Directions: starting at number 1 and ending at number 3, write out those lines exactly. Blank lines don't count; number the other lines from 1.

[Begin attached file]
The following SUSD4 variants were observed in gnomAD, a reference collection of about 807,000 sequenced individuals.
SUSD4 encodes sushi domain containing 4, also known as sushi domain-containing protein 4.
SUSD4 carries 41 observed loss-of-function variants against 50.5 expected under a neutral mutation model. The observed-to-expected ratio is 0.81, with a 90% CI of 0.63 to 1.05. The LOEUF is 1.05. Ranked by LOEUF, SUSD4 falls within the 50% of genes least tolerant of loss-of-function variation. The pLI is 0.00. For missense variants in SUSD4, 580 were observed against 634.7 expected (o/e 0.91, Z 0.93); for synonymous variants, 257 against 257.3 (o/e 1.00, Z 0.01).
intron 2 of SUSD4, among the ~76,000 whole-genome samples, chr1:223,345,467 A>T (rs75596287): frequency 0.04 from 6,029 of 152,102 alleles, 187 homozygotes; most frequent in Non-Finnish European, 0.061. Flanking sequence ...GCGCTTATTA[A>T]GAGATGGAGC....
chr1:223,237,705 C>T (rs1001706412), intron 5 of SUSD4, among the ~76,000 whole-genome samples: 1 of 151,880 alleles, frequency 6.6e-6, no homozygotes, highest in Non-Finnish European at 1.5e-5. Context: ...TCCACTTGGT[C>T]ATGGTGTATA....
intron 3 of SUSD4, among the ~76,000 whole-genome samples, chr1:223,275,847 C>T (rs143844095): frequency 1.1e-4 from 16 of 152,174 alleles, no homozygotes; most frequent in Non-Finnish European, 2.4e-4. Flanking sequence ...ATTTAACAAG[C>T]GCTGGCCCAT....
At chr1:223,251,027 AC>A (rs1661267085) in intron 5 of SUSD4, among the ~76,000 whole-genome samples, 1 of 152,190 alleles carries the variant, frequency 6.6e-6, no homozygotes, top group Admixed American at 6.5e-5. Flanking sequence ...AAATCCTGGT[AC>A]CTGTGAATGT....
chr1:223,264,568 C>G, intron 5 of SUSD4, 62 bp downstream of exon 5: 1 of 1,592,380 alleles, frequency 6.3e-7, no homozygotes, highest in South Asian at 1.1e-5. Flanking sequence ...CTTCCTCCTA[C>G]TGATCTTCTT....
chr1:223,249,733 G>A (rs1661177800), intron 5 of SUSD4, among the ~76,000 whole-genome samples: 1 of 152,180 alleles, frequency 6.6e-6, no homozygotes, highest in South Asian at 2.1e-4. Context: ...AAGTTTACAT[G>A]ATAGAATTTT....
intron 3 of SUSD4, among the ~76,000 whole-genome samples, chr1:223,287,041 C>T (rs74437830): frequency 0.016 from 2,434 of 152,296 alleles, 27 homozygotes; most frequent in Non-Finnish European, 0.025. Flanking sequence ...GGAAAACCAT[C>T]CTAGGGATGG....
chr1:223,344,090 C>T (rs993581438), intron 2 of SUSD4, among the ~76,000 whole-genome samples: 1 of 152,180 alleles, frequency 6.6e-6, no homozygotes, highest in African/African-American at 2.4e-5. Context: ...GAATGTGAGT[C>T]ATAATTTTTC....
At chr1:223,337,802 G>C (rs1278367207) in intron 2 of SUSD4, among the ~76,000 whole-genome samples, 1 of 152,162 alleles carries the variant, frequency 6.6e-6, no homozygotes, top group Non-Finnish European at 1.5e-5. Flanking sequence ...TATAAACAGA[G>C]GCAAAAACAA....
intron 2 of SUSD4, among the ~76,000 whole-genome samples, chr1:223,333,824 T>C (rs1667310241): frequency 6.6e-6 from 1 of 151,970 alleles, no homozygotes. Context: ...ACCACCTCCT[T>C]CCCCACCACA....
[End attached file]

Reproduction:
The following SUSD4 variants were observed in gnomAD, a reference collection of about 807,000 sequenced individuals.
SUSD4 encodes sushi domain containing 4, also known as sushi domain-containing protein 4.
SUSD4 carries 41 observed loss-of-function variants against 50.5 expected under a neutral mutation model. The observed-to-expected ratio is 0.81, with a 90% CI of 0.63 to 1.05. The LOEUF is 1.05. Ranked by LOEUF, SUSD4 falls within the 50% of genes least tolerant of loss-of-function variation. The pLI is 0.00. For missense variants in SUSD4, 580 were observed against 634.7 expected (o/e 0.91, Z 0.93); for synonymous variants, 257 against 257.3 (o/e 1.00, Z 0.01).